Is the job market in recovery? Not if you understand the numbers, says Ed Lazear, a former economic adviser to President George W. Bush and Stanford professor.
The job market has recovered from its worst levels during the recession, but job growth isn't enough to make a difference in how Americans feel about their prospects, Lazear writes in The Wall Street Journal.
While pundits kick back and forth the top-line unemployment number — currently 9 percent — it’s important to understand that the rate of new hires is virtually flat, at about the same level as when the economy touched bottom in early 2009.
“We added jobs because hires exceeded separations, not because hiring increased,” Lazear writes. In short, we are firing fewer people than before but hiring about the same number. Good news, perhaps, but not really a jobs recovery.
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“The decline in layoffs is not unexpected and does not necessarily reflect labor-market health. Layoffs tend to occur early in a recession. When an economy has reached bottom and has already shed much of its labor, layoffs slow,” Lazear contends. “But that doesn't mean that the labor force is recovering.”
Instead, what we see in the occasional spikes of hires is really normal “churn” as hundreds of thousands leave the work force and businesses replace them, with no serious net increase.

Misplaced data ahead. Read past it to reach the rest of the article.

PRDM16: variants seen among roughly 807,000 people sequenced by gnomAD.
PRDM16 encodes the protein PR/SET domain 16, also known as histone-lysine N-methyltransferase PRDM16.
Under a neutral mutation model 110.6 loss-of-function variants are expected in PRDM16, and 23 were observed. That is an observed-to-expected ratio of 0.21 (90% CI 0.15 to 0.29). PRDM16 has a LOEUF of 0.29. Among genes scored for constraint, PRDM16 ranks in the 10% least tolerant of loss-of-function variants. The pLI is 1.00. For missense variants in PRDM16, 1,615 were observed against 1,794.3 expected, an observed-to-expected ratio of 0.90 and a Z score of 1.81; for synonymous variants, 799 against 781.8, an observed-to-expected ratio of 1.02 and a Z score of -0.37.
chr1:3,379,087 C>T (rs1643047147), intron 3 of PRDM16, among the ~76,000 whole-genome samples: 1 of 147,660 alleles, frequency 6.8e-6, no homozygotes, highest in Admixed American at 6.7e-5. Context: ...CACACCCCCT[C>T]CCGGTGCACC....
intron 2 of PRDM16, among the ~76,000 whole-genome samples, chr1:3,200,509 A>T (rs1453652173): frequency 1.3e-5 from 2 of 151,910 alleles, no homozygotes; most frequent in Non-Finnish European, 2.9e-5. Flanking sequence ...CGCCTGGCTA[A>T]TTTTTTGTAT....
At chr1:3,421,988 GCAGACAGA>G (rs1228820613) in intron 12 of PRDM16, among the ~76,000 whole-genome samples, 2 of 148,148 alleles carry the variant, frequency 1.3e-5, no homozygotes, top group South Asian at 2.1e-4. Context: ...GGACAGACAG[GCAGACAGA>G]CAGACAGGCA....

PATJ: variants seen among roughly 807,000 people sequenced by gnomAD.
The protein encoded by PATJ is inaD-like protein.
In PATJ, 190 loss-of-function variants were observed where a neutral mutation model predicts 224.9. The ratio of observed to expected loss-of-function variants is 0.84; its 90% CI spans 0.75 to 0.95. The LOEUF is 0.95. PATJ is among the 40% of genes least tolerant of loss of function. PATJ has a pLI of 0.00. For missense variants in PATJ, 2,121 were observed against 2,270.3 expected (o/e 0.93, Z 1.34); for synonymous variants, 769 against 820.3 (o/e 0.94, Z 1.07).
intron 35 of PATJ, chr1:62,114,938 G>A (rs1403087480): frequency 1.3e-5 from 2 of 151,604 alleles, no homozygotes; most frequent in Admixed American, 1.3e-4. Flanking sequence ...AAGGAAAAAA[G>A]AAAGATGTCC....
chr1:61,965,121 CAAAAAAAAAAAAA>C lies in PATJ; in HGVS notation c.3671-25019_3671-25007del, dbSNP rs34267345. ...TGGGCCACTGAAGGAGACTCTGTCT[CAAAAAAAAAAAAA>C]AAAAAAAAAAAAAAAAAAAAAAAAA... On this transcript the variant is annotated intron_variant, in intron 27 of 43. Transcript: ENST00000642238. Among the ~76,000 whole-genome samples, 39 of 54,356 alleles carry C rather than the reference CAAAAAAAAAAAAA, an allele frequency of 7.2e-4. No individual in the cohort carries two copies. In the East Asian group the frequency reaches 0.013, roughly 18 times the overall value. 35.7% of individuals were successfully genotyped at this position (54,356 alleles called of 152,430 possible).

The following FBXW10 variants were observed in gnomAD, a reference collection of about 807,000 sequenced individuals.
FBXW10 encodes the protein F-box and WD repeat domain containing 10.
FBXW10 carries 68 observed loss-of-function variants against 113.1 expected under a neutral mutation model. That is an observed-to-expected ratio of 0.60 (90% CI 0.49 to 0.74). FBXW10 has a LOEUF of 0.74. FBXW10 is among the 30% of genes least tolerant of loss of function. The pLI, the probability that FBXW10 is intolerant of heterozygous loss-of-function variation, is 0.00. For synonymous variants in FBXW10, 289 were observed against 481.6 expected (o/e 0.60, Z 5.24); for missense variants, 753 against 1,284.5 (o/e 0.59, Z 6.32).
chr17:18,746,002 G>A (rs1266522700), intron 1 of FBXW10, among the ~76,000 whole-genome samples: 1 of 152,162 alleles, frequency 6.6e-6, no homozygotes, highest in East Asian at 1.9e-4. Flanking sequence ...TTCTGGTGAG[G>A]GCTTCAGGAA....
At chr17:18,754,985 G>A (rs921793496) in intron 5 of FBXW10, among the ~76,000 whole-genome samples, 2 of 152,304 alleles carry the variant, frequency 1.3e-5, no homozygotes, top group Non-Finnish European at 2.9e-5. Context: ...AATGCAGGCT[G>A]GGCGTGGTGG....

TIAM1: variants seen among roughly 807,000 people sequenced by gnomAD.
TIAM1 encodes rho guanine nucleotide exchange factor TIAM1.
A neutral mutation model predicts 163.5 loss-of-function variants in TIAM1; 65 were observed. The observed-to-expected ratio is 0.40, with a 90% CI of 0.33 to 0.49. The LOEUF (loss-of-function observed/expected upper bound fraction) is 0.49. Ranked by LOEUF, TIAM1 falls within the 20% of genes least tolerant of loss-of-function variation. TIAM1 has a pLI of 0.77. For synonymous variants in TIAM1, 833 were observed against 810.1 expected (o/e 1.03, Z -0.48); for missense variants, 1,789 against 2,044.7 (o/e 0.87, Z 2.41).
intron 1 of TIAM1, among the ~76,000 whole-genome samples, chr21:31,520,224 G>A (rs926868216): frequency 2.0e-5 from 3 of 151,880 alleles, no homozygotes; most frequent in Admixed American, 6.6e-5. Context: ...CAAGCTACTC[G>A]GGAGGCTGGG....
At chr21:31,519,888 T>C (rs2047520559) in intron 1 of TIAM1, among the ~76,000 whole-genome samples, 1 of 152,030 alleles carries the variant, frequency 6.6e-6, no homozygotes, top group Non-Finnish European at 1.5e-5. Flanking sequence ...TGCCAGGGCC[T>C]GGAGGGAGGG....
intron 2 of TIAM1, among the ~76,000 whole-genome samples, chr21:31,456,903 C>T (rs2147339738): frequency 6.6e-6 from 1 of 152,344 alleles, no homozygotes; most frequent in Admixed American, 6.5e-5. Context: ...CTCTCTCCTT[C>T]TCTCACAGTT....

Consider that 150 million Americans either have jobs or want them right now, Lazear explains. Roughly a third of the work force “turns over” in a normal year. People retire, quit, move, or get laid off — “separated” in human-resources terms.
“When the labor market creates 200,000 jobs, it is because five million are hired and 4.8 million are separated, not because there were 200,000 hires and no job losses,” Lazear writes. “When we're talking about numbers as large as five million, the net of 200,000 is small and may reflect minor, month-to-month variations in the number of hires or separations.”
The Republican-led House has voted out of committee a bill that would cut federal unemployment benefits in order to avoid a potential tax increase on businesses.
The bill, which passed the Ways and Means Committee by 20-14, would allow states to spend some of the $31 billion they are due for benefits instead to reduce taxes, pay back federal loans taken during the crisis, or to finance job training.
Employers feared they would be on the hook for up to $24 billion through 2015 to help states pay back loans taken during the depths of the crisis. While Democrats strongly protested the move, Republicans argued that raising business taxes would stunt job growth and slow the recovery.
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